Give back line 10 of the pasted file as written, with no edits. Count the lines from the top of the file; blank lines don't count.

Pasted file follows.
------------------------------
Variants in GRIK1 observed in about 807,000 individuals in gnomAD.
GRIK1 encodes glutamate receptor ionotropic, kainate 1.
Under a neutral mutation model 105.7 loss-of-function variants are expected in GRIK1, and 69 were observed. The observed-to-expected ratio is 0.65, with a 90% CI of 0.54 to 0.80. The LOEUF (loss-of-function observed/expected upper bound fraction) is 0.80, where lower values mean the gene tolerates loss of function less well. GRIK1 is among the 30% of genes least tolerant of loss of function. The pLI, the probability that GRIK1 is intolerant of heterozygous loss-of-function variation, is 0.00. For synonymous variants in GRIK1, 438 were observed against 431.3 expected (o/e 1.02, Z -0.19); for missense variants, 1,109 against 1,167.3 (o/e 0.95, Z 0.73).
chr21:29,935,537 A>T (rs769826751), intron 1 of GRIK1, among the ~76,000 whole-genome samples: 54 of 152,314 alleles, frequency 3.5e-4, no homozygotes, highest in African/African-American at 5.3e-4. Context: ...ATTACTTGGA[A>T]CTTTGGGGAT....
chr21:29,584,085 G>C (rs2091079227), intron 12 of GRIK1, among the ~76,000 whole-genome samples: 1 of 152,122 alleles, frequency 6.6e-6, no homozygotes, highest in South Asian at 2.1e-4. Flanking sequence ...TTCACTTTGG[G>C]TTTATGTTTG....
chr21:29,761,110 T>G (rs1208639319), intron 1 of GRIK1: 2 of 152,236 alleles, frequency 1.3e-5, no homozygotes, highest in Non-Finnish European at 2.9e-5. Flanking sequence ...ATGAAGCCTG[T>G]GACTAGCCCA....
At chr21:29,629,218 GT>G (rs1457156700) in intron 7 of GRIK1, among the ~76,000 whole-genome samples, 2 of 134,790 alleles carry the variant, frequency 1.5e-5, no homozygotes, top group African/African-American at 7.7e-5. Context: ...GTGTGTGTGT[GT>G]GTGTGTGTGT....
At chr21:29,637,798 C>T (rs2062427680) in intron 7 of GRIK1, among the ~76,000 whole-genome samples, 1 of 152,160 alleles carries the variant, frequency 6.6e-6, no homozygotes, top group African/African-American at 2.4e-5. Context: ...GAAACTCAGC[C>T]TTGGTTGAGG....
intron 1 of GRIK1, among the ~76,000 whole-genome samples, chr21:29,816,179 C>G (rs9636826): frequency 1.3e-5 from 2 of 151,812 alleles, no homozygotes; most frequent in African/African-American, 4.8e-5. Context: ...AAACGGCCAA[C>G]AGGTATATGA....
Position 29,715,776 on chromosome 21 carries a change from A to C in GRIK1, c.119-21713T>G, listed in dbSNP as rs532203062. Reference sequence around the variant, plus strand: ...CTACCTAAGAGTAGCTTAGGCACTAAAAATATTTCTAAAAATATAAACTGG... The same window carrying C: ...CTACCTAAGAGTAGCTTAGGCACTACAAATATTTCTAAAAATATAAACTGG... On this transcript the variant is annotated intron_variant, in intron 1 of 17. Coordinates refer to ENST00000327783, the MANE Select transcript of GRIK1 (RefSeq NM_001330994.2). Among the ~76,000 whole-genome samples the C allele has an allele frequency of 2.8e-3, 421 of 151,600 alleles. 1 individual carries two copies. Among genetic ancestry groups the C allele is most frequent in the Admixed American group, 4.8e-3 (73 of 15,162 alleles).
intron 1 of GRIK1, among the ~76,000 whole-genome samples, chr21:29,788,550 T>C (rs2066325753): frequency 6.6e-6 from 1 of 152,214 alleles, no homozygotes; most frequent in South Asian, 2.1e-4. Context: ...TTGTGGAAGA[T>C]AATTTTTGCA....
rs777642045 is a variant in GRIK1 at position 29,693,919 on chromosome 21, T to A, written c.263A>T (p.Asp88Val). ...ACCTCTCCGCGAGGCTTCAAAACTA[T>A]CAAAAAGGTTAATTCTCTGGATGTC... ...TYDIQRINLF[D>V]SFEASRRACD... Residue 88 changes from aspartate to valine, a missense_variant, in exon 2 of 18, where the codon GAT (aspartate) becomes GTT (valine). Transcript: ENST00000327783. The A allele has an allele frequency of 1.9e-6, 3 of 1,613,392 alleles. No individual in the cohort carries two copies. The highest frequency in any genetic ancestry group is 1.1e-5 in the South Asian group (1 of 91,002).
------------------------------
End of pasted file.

Position 29,715,776 on chromosome 21 carries a change from A to C in GRIK1, c.119-21713T>G, listed in dbSNP as rs532203062. Reference sequence around the variant, plus strand: ...CTACCTAAGAGTAGCTTAGGCACTAAAAATATTTCTAAAAATATAAACTGG... The same window carrying C: ...CTACCTAAGAGTAGCTTAGGCACTACAAATATTTCTAAAAATATAAACTGG... On this transcript the variant is annotated intron_variant, in intron 1 of 17. Coordinates refer to ENST00000327783, the MANE Select transcript of GRIK1 (RefSeq NM_001330994.2). Among the ~76,000 whole-genome samples the C allele has an allele frequency of 2.8e-3, 421 of 151,600 alleles. 1 individual carries two copies. Among genetic ancestry groups the C allele is most frequent in the Admixed American group, 4.8e-3 (73 of 15,162 alleles).